Shadows aren't always silent; they can sometimes talk and even be a presence strong enough to deliver a message. In 23-year-old Robin Gupta's short film on domestic violence, shadows do all the work.
A student of master's in journalism and mass communication at Doaba College, Jalandhar, Robin says the 20-minute film, titled Colour of Shadows, is about the pain of a woman facing violence at the hands of her drunkard husband and the effect it has on their two sons.
The idea of using shadows to depict the story, says the youngster, came to him one day in class when lights went out and their teacher used the torch in her phone to light up the room. "Looking at shadows of my classmates on the walls, it struck me that shadows have a very dramatic effect. I discussed the concept with my teachers and began work immediately," says Robin, adding that domestic violence was an issue that he thought would be best addressed using this technique. The shadows of Robin's classmates Paras Punj and Gunjan Kapoor depict the man and wife respectively, while Vinod Vishwakarma and Veer Singh play the sons.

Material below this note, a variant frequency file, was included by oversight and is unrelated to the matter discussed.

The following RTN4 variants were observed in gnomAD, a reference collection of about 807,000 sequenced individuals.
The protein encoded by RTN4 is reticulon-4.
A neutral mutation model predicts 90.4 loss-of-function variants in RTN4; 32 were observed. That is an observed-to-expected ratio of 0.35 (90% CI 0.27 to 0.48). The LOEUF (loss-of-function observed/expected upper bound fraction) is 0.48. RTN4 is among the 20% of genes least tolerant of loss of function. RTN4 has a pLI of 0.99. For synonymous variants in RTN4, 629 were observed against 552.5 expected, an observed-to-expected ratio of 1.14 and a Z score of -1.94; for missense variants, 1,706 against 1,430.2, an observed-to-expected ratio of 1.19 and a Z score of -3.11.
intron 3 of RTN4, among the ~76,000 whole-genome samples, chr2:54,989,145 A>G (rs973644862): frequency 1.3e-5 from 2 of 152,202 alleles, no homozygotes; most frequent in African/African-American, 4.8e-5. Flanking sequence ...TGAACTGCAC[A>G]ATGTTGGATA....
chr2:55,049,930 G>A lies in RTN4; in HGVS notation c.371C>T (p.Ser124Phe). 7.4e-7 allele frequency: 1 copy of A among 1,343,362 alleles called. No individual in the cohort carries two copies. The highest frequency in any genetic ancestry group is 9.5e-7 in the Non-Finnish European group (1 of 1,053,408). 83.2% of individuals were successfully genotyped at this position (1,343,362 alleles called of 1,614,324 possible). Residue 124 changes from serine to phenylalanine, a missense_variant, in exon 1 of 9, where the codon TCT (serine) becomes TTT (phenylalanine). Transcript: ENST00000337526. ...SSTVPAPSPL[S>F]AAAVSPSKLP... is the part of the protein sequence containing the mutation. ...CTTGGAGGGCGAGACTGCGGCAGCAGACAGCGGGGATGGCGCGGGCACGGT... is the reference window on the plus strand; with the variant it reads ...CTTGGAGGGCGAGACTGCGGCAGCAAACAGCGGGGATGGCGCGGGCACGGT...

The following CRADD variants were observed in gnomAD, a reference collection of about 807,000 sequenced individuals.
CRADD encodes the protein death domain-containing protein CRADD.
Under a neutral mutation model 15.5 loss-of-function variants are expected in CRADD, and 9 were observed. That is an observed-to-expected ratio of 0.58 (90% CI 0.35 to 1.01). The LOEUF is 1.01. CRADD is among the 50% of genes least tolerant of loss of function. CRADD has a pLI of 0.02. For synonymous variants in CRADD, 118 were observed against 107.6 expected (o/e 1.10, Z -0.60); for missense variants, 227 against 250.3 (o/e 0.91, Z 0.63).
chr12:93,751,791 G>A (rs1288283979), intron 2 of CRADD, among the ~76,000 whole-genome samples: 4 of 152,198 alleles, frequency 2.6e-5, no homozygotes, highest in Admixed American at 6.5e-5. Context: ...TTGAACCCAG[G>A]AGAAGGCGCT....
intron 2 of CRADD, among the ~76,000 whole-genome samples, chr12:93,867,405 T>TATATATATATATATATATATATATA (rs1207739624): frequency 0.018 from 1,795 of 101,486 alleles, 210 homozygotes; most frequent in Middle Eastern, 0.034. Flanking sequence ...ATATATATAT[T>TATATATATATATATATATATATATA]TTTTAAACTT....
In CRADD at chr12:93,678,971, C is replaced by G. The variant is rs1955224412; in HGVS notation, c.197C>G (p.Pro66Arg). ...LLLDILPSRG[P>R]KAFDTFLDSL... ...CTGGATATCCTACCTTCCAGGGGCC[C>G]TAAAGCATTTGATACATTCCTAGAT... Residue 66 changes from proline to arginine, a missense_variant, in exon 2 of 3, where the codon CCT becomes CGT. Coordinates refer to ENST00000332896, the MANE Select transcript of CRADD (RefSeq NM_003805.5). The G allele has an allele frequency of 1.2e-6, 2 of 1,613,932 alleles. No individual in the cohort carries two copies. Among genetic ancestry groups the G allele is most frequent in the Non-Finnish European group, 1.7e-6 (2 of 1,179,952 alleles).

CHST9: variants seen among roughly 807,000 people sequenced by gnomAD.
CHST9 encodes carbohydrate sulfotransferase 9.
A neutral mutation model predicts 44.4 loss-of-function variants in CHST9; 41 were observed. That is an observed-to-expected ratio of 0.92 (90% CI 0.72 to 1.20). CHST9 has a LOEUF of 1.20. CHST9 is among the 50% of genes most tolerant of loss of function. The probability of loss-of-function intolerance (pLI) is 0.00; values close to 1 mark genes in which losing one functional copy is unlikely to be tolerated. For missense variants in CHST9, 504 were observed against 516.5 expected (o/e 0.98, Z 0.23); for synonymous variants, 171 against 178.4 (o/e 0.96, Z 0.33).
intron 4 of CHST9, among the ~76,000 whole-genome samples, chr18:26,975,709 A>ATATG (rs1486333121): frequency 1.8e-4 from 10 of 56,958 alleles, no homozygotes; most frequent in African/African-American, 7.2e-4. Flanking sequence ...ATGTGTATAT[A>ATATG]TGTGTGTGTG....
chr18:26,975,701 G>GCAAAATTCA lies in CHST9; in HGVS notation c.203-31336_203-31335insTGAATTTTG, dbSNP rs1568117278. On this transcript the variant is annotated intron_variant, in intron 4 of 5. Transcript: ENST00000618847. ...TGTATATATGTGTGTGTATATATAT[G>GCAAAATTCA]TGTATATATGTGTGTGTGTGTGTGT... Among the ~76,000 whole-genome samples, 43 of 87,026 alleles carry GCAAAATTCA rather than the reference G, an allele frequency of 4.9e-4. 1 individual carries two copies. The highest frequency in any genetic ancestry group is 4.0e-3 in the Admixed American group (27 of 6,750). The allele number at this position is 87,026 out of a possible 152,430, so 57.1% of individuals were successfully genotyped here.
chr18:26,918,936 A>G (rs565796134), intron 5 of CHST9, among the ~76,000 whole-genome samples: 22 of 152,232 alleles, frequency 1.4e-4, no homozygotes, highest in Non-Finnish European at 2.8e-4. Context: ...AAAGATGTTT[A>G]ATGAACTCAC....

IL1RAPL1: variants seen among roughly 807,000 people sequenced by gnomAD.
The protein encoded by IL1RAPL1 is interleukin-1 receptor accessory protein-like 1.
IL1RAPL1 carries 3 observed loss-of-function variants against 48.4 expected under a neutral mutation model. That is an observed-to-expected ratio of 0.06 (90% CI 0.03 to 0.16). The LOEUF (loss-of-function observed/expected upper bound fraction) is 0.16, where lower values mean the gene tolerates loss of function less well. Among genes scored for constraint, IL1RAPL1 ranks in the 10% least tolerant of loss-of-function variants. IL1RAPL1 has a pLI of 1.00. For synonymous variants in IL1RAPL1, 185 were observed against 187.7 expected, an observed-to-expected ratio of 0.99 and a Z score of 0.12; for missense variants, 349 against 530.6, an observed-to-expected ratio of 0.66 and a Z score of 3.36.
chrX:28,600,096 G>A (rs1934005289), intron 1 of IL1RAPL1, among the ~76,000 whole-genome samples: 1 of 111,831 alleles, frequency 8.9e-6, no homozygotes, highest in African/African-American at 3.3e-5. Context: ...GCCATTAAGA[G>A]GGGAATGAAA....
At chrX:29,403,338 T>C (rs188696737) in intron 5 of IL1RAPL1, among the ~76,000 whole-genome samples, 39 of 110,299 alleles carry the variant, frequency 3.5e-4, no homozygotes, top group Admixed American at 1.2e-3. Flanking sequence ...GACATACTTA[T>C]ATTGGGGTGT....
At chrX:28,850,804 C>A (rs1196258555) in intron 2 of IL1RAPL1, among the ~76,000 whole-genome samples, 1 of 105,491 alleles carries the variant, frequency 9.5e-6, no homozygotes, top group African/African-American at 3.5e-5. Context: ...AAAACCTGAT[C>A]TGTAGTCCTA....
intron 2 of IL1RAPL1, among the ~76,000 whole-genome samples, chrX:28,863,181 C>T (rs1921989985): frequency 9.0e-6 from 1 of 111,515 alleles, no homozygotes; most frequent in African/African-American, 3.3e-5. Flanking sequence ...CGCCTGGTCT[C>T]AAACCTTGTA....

Happy with the work done by Robin, Simran Sidhu, head of the department of journalism at Doaba College, says, "This kind of creative work using shadows has been done for the first time by our students. Our college is planning to send this film to different short film competitions."
Robin reveals that there is a twist in the second half of the film, wherein one of the sons kills his father in rage and the elder son attempts to help his brother reject the habits picked up from their father.
Previously, Robin had made another short film, titled The Social Chakkar-View, which used footages from CCTV cameras. He also penned a song dedicated to the Delhi gangrape victim, called Mai Nanhi Pari. The song earned thousands of hits on YouTube.